According to the Greek coastguard, seventeen migrants drowned early Wednesday morning after their boat capsized and sank off the coast of the Peloponnese. However, approximately one hundred additional migrants were saved.
According to prior statements made by the coast guard, the incident took place in international seas within the Ionian Sea and sparked an extended rescue attempt that was made more difficult by the severe winds.
In addition to warships from the navy, the operation also included aircraft and a helicopter from the army, as well as six other boats that were present in the region.
Following the capsize of a fishing boat that had a large number of migrants on board, an extensive rescue operation has been ongoing off the coast of Pylos since very early on Wednesday morning, according to the coastguard.
Those who had been rescued were being transported to Kalamata; however, four of them were in critical condition and were taken by helicopter to the hospital at the port.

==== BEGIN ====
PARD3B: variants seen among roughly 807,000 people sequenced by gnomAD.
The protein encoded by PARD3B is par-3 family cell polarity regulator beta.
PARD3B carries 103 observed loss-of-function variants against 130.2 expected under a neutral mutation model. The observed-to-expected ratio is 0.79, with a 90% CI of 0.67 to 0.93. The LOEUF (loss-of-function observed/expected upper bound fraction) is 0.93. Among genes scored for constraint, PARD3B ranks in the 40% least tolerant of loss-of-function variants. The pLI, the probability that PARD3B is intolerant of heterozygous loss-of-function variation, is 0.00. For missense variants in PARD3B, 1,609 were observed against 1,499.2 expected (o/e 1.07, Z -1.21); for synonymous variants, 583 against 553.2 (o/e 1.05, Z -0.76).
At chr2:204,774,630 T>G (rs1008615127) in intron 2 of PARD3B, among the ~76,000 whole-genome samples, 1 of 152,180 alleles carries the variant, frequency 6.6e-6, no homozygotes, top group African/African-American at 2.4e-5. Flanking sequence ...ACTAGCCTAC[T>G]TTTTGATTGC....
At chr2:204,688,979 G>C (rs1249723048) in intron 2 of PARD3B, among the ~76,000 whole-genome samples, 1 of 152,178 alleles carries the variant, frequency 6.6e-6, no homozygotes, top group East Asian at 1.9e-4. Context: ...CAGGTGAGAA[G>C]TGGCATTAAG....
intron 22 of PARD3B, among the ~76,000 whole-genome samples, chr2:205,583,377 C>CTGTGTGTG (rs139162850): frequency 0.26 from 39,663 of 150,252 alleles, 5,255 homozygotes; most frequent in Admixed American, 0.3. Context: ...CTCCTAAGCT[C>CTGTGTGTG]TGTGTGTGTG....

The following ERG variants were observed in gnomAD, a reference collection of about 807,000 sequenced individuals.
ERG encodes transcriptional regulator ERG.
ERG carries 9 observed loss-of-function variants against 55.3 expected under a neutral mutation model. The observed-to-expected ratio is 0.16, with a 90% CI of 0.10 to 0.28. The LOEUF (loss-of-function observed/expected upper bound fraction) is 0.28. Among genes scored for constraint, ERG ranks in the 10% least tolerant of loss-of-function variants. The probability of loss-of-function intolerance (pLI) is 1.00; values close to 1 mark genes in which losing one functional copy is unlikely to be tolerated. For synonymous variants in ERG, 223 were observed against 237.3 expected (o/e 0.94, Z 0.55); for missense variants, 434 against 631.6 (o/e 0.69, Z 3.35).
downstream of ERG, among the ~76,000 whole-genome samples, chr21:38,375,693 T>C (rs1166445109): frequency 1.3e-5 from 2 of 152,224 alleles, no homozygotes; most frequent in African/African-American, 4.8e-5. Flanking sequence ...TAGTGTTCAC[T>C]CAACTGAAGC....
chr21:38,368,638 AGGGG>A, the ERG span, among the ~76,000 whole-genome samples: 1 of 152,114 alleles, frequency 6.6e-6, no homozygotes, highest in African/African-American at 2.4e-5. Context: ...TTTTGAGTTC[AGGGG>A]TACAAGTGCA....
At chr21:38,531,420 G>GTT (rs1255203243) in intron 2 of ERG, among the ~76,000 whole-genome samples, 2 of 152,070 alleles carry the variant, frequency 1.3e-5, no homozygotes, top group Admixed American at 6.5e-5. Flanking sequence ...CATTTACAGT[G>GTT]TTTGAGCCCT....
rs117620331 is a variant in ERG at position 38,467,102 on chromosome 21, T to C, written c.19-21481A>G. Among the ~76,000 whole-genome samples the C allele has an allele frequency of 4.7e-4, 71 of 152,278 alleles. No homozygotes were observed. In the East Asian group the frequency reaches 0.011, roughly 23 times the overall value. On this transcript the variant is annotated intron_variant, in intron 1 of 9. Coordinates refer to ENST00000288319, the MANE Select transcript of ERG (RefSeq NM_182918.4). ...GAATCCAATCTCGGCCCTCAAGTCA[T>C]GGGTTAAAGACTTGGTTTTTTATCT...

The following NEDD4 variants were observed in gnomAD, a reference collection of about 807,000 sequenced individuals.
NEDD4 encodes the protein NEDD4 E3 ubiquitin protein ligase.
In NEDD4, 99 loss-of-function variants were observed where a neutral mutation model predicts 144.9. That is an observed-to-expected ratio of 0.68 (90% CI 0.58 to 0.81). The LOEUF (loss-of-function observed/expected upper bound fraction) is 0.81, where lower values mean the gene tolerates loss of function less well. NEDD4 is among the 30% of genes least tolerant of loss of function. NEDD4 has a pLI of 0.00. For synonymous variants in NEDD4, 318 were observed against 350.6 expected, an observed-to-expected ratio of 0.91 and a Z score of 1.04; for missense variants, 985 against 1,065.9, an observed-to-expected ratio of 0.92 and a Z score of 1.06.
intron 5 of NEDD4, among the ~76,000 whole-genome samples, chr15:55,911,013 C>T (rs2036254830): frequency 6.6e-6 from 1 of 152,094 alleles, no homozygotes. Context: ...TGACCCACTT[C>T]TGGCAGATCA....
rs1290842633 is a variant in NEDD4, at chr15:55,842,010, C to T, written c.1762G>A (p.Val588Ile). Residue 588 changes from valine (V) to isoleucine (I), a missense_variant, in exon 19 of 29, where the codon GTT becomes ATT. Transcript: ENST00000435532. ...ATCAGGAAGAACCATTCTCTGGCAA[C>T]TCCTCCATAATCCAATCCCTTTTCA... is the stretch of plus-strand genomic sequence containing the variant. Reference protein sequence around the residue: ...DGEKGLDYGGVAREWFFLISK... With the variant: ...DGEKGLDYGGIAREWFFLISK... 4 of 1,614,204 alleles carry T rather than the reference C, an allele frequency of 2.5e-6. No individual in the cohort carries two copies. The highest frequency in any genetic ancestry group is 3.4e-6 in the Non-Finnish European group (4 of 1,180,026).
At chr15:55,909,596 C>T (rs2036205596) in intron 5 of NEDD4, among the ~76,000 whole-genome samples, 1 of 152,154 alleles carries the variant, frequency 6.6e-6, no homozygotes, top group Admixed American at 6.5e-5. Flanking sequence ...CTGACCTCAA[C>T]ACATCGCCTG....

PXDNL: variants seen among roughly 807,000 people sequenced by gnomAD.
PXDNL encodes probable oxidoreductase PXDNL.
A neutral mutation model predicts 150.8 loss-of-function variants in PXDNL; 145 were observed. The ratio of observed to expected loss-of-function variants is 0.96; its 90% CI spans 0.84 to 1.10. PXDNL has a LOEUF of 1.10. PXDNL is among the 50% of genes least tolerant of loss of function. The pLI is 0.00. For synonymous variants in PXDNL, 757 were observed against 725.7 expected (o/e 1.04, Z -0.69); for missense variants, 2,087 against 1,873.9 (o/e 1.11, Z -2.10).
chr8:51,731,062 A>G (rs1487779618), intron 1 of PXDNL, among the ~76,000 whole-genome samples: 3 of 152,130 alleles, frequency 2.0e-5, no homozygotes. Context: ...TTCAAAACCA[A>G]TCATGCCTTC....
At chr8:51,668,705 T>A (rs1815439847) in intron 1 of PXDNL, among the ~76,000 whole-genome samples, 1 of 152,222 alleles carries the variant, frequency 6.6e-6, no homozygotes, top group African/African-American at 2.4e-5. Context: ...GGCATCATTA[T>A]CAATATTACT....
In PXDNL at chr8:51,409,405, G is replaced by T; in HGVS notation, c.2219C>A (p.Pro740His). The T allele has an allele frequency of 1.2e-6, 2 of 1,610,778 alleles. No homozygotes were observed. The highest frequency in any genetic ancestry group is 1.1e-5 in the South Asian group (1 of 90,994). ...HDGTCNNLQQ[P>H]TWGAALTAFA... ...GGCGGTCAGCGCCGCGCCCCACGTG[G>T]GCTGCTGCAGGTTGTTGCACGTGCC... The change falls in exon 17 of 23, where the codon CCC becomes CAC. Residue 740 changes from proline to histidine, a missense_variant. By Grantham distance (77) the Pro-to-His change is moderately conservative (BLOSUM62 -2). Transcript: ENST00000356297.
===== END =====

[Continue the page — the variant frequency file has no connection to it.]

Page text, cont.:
The occupants “refused any help,” according to the coastguard, who reported that the boat had been sighted by a surveillance plane belonging to Europe’s Frontex agency on Tuesday afternoon.
It was eventually revealed that none of the people on board were wearing life jackets, and their nationalities were not immediately disclosed.
According to the authorities, it appears that the migrants have already left Libya and are already traveling towards Italy.
Also on Wednesday, the Greek port police reported that a sailboat that was in danger off the coast of Crete and carrying approximately 80 migrants was rescued by a coastguard patrol and towed into port.
Greece, along with Italy and Spain, has long been one of the primary landing spots for the tens of thousands of refugees who are traveling from Africa and the Middle East to reach Europe.
A growing number of people are attempting to enter Greece from Turkey via southern routes close to the Cyclades islands and toward the Peloponnese peninsula. They do this in an effort to escape being caught by Greek naval patrols in the northern Aegean Sea.
Rescue operations are regular, but the Greek government came under international scrutiny one month ago due to video footage that allegedly showed the forcible expulsion of migrants who were sent adrift at sea. The film was apparently shown on a camera worn by an officer.
Greece and other EU member states on the southern and southeastern fringe of the bloc argue that they are being unfairly saddled with the responsibility of managing the arrivals of unauthorized migrants.